New legislation channels tourist taxes to support affordable housing in Key West

by | Jun 3, 2024

Gov. Ron DeSantis signed Senate Bill 1456 into law on Friday, allowing surplus tourist taxes to be used for affordable housing in the Florida Keys and Key West.

Legislation signed into law on Friday by Gov. Ron DeSantis introduces new measures for the use of tourist development and impact taxes to support affordable housing in the Florida Keys and the City of Key West.

The bill, Senate Bill 1456, stipulates that counties designated as areas of critical state concern can use accumulated surplus funds from the taxes for affordable housing, with the purpose of helping tourism sector employees find housing in high-cost areas like the Keys.

The accumulated surplus refers to excess revenue from tourist taxes not allocated for any specific purpose. Counties can use up to $35 million of this surplus for housing projects, with expenditure subject to approval by a majority vote of the county’s board of commissioners.

The housing must be available to employees of private sector tourism-related businesses and remain affordable for at least 99 years.

The bill additionally introduces exemptions to the State Housing Initiatives Partnership (SHIP) program for counties or municipalities designated as areas of critical state concern within the past five years. Typically, the SHIP program requires that at least 30 percent of the funds deposited into the local housing assistance trust fund be reserved for very-low-income persons and another 30 percent for low-income persons.

In Florida, very-low-income persons earn up to 50 percent of the Area Median Income (AMI), while low-income persons earn between 50.01 percent and 80 percent of the AMI. However, under the new law, areas of critical state concern are exempt from these requirements, providing them with greater flexibility in allocating SHIP funds.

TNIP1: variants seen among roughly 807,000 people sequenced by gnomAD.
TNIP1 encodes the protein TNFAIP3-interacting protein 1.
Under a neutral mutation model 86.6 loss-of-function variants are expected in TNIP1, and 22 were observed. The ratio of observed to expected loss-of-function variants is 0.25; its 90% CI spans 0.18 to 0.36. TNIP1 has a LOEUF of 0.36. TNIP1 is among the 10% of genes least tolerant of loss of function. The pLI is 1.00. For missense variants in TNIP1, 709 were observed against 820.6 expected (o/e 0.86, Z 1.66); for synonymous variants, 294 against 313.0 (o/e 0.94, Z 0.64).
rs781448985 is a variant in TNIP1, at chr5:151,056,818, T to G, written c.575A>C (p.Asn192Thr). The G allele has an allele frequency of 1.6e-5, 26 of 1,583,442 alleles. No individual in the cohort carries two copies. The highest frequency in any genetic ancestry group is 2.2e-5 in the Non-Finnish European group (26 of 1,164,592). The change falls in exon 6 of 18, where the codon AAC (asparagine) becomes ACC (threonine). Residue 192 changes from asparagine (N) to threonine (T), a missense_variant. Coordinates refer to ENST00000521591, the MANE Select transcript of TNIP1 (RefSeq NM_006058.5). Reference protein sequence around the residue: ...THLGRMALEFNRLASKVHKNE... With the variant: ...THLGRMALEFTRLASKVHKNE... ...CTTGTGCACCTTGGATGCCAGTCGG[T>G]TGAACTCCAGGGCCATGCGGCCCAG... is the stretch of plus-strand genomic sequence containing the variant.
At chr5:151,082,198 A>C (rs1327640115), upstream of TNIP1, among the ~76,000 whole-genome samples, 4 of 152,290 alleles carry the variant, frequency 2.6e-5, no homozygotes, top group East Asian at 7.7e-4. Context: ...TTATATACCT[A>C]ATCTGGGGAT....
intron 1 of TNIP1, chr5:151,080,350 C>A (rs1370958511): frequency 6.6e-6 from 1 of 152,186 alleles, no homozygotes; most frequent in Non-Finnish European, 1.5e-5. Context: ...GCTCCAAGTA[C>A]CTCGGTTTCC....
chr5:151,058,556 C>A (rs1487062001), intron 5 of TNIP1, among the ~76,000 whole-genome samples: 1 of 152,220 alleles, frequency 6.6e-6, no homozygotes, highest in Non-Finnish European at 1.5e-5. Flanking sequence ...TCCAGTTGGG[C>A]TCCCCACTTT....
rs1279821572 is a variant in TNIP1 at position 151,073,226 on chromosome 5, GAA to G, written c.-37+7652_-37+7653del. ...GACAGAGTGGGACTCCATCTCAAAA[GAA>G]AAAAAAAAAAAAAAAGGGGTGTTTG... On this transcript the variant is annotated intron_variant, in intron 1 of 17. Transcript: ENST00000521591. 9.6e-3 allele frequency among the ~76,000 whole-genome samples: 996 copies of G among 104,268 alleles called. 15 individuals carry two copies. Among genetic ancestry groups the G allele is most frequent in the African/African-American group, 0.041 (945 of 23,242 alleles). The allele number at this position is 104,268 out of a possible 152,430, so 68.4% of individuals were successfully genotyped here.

The Florida Keys were designated as an area of critical state concern in 1975, covering the municipalities of Islamorada, Marathon, Layton, and Key Colony Beach, as well as the unincorporated areas of Monroe County.

Beyond the use of tourist taxes, the bill updates local comprehensive plan requirements by clarifying that mobile home residents are not considered permanent residents for determining hurricane evacuation clearance times.

It also mandates that the City of Key West be included in the state’s hurricane evacuation study and comply with the 24-hour evacuation requirements.

Additionally, the bill grants land authorities the ability to enforce income limitations on land conveyed for affordable housing by recording the original funding or contribution in a perpetual deed restriction. If a purchase involves state or federal funding necessitating a priority lien position, the land authority’s contribution can be subordinated to a first purchase money mortgage and the state or federal funding lien.


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